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  • Ryan Johansen

Think Celestial

In the most recent general conference, President Nelson shared what he believes are the most crucial lessons he’s learned in his nearly 100 years. He said, “Heavenly Father’s plan for us is fabulous, what we do in this life really matters, and the Savior’s Atonement is what makes our Father’s plan possible.”


Our Heavenly Father’s plan is for us to come to earth, receive a body and experience the joy that comes from following our Savior, making covenants with Him and partaking of His Atonement.


As we know, part of this plan is to experience opposition. This can come in the form of

temptation, strained relationships, illness, doubt, grief, disappointment, discouragement, and anything else we may encounter during mortality. I compare this opposition to what Lehi described as mists of darkness (1 Nephi 8). The trials we face on a day-to-day basis can cloud our view. It can be easy to lose sight of the plan in the same way that those in Lehi’s dream lost sight of the tree of life.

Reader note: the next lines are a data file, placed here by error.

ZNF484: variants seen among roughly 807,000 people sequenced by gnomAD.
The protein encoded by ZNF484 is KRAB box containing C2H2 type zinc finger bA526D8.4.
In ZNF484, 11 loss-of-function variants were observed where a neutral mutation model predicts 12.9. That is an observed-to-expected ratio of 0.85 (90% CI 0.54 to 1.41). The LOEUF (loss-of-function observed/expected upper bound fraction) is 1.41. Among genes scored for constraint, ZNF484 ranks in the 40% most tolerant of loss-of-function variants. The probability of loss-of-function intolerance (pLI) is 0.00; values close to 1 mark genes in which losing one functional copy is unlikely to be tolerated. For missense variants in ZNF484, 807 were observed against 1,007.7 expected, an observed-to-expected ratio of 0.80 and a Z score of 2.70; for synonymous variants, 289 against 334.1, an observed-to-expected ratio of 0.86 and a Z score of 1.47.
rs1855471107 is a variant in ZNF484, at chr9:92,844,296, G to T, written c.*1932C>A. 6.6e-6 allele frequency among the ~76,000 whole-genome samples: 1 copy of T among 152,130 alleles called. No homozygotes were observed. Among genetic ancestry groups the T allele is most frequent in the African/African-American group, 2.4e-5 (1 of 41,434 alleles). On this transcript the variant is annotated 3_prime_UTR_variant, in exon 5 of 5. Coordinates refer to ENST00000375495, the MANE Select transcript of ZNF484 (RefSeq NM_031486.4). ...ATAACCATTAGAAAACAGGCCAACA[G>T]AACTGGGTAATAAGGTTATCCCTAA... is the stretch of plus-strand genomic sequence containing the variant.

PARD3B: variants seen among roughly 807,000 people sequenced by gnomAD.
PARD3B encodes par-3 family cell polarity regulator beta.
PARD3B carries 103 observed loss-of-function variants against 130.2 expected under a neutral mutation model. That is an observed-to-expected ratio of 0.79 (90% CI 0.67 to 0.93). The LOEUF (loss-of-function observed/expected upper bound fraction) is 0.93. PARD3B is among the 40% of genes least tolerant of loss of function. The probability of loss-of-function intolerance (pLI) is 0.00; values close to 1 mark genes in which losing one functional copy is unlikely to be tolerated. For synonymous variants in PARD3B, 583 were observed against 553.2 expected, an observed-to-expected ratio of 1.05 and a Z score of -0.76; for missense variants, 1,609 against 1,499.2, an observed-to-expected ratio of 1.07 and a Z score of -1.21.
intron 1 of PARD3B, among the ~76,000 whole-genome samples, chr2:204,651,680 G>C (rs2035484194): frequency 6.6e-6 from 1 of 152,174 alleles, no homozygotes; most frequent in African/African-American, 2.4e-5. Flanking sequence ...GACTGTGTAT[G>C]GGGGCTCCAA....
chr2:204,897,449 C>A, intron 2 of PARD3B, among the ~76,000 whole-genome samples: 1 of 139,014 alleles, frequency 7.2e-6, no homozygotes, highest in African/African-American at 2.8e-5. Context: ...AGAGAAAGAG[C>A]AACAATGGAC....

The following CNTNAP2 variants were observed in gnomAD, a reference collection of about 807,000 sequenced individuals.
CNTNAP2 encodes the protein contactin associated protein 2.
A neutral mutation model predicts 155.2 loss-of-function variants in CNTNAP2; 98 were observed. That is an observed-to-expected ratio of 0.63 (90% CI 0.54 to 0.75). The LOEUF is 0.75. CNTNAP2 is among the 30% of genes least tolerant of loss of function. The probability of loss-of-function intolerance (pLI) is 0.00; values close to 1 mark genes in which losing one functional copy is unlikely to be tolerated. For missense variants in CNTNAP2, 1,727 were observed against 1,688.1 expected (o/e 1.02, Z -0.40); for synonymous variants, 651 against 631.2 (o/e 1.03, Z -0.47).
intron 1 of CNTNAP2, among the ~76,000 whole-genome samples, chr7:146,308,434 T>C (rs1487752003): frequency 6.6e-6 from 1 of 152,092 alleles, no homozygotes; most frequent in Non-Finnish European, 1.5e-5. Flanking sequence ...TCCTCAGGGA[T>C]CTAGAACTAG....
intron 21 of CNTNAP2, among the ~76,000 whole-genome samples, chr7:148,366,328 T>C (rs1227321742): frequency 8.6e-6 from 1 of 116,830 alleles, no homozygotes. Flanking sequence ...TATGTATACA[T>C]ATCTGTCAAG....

When faced with opposition, President Nelson encourages us to continually “think celestial” in whatever our circumstances. Thinking celestial is what we must do when we can’t see the road ahead, when heaven feels far away, or when life’s challenges feel overwhelming.


President Nelson has promised that “the joy we feel has little to do with the circumstances of our lives and everything to do with the focus of our lives. When the focus of our lives is on God’s plan of salvation, and Jesus Christ and His gospel, we can feel joy regardless of what is happening—or not happening—in our lives. He is the source of all joy.”


Thinking celestial means continually trusting in our Heavenly Father’s plan for us and in our Savior’s ability to rescue and strengthen us each day of our lives. It means trusting that joy is available to us even in our trials. As we think celestial, may we each strive to keep our focus on Christ and on our Heavenly Father’s perfect plan.

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